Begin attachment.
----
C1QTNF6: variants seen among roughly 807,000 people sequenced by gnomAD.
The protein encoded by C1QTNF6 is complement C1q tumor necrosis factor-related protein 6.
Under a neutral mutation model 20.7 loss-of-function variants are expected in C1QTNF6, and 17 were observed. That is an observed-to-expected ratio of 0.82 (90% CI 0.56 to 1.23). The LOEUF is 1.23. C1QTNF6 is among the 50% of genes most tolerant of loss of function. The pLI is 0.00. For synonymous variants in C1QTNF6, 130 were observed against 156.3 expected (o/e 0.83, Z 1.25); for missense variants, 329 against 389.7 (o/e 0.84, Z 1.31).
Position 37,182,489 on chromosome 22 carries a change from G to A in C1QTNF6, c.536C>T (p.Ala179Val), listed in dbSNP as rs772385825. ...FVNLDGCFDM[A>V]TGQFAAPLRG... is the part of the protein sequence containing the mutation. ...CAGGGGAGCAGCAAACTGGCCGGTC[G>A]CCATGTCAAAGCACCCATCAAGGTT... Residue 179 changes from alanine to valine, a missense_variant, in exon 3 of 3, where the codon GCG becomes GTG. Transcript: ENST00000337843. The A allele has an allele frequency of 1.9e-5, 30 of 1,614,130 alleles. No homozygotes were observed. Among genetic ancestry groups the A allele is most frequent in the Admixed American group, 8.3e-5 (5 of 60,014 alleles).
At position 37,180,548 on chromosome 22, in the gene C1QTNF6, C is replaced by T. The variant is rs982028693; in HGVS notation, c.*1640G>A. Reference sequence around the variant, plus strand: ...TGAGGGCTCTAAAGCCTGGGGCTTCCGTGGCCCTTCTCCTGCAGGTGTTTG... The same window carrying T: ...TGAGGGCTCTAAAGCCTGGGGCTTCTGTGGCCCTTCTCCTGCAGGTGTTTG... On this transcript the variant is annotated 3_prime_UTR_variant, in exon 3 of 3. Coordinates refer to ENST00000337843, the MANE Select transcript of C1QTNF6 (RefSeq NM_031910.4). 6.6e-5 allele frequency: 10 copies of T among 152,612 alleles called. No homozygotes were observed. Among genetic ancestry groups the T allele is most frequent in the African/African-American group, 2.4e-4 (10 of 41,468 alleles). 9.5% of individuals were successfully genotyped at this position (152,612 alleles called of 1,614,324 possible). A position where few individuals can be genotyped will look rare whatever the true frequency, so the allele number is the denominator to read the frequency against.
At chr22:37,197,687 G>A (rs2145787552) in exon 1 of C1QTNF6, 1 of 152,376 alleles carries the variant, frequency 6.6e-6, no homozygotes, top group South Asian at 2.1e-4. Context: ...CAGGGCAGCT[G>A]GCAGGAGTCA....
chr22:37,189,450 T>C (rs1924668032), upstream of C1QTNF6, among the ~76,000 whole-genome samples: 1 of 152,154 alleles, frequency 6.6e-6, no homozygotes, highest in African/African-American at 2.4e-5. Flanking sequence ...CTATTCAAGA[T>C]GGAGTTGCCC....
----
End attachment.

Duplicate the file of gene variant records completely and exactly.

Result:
C1QTNF6: variants seen among roughly 807,000 people sequenced by gnomAD.
The protein encoded by C1QTNF6 is complement C1q tumor necrosis factor-related protein 6.
Under a neutral mutation model 20.7 loss-of-function variants are expected in C1QTNF6, and 17 were observed. That is an observed-to-expected ratio of 0.82 (90% CI 0.56 to 1.23). The LOEUF is 1.23. C1QTNF6 is among the 50% of genes most tolerant of loss of function. The pLI is 0.00. For synonymous variants in C1QTNF6, 130 were observed against 156.3 expected (o/e 0.83, Z 1.25); for missense variants, 329 against 389.7 (o/e 0.84, Z 1.31).
Position 37,182,489 on chromosome 22 carries a change from G to A in C1QTNF6, c.536C>T (p.Ala179Val), listed in dbSNP as rs772385825. ...FVNLDGCFDM[A>V]TGQFAAPLRG... is the part of the protein sequence containing the mutation. ...CAGGGGAGCAGCAAACTGGCCGGTC[G>A]CCATGTCAAAGCACCCATCAAGGTT... Residue 179 changes from alanine to valine, a missense_variant, in exon 3 of 3, where the codon GCG becomes GTG. Transcript: ENST00000337843. The A allele has an allele frequency of 1.9e-5, 30 of 1,614,130 alleles. No homozygotes were observed. Among genetic ancestry groups the A allele is most frequent in the Admixed American group, 8.3e-5 (5 of 60,014 alleles).
At position 37,180,548 on chromosome 22, in the gene C1QTNF6, C is replaced by T. The variant is rs982028693; in HGVS notation, c.*1640G>A. Reference sequence around the variant, plus strand: ...TGAGGGCTCTAAAGCCTGGGGCTTCCGTGGCCCTTCTCCTGCAGGTGTTTG... The same window carrying T: ...TGAGGGCTCTAAAGCCTGGGGCTTCTGTGGCCCTTCTCCTGCAGGTGTTTG... On this transcript the variant is annotated 3_prime_UTR_variant, in exon 3 of 3. Coordinates refer to ENST00000337843, the MANE Select transcript of C1QTNF6 (RefSeq NM_031910.4). 6.6e-5 allele frequency: 10 copies of T among 152,612 alleles called. No homozygotes were observed. Among genetic ancestry groups the T allele is most frequent in the African/African-American group, 2.4e-4 (10 of 41,468 alleles). 9.5% of individuals were successfully genotyped at this position (152,612 alleles called of 1,614,324 possible). A position where few individuals can be genotyped will look rare whatever the true frequency, so the allele number is the denominator to read the frequency against.
At chr22:37,197,687 G>A (rs2145787552) in exon 1 of C1QTNF6, 1 of 152,376 alleles carries the variant, frequency 6.6e-6, no homozygotes, top group South Asian at 2.1e-4. Context: ...CAGGGCAGCT[G>A]GCAGGAGTCA....
chr22:37,189,450 T>C (rs1924668032), upstream of C1QTNF6, among the ~76,000 whole-genome samples: 1 of 152,154 alleles, frequency 6.6e-6, no homozygotes, highest in African/African-American at 2.4e-5. Flanking sequence ...CTATTCAAGA[T>C]GGAGTTGCCC....